client web page:

consumer and WebSocket server:

I had never used poll nor ZeroMQ Poller before, but they were both pretty easy to get started with. In a nutshell, the server will take every piece of data it gets from the ZeroMQ socket and broadcast it to all the connected web clients through web sockets. The gateway is one way only, the input coming from the web sockets is not sent anywhere, I’ll leave that as an experiment for the reader. :–)

To test it just run the server and serve the page. You can use this to serve the page.

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Implementing a PubSub based application with Python and ZeroMQ

A while back I came across this awesome post by Nicholas Piël about ZeroMQ and I added test ZeroMQ to my never ending ToCheck list. Today I found the excuse to check it out and here is what I did with it.

I wanted to implement a producer-consumer application to aggregate data contained in an arbitrary number of files in an arbitrary number of nodes. ZeroMQ seemed like a good tool for this, so lets see a helloworld example: producer:

consumer:

As you can see the code is very straightforward. We create a socket, declare it as a publisher (PUB) or subscriber (SUB) accordingly and subscribe to the topics which we care about (in the case of the subscriber).

Looks like we are writing or reading to/from a standard socket, but this socket is on steroids. You can write to it even if the other end is not connected, all the queuing logic has been taken care for you, it accepts multiple connections, … and many many other things.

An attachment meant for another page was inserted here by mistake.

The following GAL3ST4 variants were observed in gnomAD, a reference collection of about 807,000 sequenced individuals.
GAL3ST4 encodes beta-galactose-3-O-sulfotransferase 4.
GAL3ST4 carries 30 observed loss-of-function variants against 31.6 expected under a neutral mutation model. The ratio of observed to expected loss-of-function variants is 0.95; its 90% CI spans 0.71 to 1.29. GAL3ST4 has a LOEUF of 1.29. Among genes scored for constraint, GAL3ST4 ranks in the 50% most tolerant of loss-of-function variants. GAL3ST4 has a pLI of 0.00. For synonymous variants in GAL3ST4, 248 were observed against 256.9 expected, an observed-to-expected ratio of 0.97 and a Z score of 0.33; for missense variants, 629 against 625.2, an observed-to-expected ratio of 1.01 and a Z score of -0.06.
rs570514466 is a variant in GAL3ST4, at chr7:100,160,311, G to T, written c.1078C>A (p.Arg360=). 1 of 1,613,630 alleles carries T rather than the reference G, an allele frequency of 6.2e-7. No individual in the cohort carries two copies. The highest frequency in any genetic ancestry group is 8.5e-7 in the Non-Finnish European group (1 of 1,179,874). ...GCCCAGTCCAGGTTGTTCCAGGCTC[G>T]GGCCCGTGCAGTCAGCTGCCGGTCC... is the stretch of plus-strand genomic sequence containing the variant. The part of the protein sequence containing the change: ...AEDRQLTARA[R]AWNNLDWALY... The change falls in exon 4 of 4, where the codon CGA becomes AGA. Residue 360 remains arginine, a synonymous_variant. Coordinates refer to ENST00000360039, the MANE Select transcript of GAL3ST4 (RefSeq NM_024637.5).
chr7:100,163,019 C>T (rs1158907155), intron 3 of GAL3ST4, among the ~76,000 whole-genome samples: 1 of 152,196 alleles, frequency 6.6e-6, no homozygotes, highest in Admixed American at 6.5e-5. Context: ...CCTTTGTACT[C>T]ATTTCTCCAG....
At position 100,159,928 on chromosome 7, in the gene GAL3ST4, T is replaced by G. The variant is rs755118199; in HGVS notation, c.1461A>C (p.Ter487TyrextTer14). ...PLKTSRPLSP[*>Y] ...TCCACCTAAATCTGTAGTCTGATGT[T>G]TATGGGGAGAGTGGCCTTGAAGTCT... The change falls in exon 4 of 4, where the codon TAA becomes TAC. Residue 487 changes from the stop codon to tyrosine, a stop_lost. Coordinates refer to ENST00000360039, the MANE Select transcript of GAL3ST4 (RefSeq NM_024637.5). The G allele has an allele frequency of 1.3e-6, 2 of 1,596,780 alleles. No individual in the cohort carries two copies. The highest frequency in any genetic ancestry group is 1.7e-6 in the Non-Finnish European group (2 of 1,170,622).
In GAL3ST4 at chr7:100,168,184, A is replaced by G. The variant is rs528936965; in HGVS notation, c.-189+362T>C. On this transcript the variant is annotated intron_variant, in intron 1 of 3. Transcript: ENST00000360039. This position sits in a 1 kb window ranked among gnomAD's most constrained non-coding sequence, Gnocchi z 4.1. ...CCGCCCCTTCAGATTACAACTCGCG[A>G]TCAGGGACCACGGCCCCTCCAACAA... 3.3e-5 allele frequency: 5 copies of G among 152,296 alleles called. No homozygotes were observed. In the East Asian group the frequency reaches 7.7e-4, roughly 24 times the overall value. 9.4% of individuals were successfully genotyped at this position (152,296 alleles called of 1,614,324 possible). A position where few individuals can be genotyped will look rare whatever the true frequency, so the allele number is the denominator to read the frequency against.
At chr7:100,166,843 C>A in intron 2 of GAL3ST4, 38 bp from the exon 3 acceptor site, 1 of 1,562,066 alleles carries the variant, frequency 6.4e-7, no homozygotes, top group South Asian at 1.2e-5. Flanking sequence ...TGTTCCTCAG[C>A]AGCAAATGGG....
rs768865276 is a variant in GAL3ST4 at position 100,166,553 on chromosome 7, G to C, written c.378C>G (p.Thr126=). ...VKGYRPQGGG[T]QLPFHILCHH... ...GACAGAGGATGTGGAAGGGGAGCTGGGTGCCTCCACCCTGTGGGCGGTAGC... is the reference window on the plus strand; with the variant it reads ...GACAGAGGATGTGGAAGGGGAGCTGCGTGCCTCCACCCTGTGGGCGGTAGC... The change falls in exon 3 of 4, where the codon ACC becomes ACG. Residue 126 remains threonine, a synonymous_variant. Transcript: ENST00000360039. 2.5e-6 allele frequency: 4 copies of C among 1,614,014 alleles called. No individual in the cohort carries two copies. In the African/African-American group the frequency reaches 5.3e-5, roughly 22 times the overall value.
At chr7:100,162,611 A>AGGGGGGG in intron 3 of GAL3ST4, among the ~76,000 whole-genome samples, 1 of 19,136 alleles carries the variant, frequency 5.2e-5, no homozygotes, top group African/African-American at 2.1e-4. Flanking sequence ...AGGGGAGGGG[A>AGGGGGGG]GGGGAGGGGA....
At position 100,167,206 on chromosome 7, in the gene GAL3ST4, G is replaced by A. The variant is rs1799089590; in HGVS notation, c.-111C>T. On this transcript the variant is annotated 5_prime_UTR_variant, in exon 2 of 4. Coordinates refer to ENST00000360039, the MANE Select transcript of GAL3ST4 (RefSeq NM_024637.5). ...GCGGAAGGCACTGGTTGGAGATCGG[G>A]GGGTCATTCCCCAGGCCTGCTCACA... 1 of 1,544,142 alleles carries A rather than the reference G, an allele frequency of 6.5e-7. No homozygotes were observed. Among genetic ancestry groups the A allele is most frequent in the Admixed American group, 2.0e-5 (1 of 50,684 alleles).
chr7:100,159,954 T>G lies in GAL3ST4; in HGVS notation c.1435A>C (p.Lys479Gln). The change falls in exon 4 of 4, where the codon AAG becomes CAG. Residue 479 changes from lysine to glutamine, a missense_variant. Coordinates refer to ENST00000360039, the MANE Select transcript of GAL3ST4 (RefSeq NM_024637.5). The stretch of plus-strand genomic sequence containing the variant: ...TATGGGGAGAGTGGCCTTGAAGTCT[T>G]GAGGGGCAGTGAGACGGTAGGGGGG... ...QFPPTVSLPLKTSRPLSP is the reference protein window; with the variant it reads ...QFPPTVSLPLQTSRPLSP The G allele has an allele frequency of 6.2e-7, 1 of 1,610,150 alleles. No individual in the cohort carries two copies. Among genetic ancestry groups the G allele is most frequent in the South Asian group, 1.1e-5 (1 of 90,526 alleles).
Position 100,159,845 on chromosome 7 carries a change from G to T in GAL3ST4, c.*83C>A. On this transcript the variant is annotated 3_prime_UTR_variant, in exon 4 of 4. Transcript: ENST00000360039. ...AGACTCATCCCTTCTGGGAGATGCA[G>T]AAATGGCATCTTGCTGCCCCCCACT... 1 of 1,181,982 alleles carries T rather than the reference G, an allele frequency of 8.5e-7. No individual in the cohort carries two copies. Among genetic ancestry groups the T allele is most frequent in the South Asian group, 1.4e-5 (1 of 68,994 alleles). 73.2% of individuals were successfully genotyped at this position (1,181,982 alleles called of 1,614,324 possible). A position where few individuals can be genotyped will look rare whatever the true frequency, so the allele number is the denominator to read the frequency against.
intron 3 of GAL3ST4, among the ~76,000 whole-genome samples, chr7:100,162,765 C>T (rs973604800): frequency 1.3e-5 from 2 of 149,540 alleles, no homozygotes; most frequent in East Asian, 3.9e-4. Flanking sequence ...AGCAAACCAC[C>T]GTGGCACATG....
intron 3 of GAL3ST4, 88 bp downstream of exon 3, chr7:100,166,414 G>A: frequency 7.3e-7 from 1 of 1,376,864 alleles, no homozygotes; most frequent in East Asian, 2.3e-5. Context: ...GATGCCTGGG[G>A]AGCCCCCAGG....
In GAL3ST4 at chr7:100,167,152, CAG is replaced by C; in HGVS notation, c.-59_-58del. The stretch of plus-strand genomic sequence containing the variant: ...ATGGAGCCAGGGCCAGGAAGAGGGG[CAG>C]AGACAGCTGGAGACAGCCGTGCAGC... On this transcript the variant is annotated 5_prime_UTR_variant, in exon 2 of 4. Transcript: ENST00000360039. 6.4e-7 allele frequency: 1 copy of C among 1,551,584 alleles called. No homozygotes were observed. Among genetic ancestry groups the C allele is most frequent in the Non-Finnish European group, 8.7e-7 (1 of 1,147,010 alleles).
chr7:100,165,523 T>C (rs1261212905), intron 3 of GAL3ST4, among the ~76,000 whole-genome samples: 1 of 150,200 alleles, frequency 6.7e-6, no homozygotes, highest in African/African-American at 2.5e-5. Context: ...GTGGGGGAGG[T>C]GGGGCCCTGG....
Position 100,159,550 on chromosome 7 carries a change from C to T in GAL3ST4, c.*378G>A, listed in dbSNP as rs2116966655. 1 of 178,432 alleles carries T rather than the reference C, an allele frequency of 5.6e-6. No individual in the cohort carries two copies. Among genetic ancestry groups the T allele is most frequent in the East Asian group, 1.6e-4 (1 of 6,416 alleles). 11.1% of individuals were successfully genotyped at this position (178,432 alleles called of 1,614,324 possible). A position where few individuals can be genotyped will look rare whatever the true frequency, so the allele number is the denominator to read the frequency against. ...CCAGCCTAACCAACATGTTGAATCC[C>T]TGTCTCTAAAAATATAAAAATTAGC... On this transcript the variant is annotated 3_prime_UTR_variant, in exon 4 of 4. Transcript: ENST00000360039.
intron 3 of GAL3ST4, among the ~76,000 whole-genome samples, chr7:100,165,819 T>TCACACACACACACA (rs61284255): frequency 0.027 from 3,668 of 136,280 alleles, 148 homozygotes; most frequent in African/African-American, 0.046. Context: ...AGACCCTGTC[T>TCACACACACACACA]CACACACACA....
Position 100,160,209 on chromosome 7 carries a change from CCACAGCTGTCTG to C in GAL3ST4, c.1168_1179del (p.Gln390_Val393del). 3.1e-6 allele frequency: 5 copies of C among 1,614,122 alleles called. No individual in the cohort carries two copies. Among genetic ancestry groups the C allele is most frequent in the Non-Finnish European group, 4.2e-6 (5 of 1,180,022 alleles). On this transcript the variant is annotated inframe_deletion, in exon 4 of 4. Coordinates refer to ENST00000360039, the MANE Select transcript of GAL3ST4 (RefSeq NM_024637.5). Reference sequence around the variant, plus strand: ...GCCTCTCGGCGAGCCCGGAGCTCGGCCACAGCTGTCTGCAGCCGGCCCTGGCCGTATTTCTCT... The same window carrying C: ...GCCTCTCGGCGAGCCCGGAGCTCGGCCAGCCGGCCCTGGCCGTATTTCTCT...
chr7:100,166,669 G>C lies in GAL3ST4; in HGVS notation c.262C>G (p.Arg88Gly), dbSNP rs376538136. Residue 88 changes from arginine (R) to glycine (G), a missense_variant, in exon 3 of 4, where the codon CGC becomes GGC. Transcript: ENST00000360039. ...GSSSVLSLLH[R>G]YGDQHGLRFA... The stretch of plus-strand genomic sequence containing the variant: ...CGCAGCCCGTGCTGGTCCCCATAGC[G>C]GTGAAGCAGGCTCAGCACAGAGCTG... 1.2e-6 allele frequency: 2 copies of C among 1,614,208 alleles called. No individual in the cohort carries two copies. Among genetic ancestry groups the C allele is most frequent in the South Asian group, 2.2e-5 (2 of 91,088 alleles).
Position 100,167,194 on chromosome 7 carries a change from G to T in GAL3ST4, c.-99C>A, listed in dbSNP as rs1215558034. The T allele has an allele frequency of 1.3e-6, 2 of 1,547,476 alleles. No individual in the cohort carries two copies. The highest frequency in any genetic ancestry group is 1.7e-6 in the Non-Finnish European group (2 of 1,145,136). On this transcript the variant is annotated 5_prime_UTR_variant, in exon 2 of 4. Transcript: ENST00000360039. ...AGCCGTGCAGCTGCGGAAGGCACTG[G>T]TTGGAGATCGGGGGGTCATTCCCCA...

UPDATE: After re-reading the docs it seems that ZeroMQ sockets are not really thread-safe unless you pass them using a “full memory barrier”. I guess the fact that Python has the GIL makes my example not crash :–)

ZeroMQ is also thread-safe, and this makes our code a lot simpler than it would if ZeroMQ weren’t thread safe. Lets see an example with 10 threads simultaneously sending messages through a ZeroMQ socket without any locking mechanism.

The approach we took is very flexible in the sense that any number of producers may connect to our consumer, but they need to know where (in terms of IP and port) our consumer is or will be. Could we change that somehow?

Yes we can. We can use multicast for this. We can make all producers join a multicast group and send their messages there. Then the consumer would also join the same group and get them. Of course this only makes sense in a controlled environment where data is not critical or no non-authorized party is able to join the multicast group.

The funny thing is that we only need to change one line of code in the producer and another one in the consumer in order to make them work in multicast mode.

producer:

consumer:

I’ve started a small project I’ll be working on in my free time, hope to post something about it soon :–)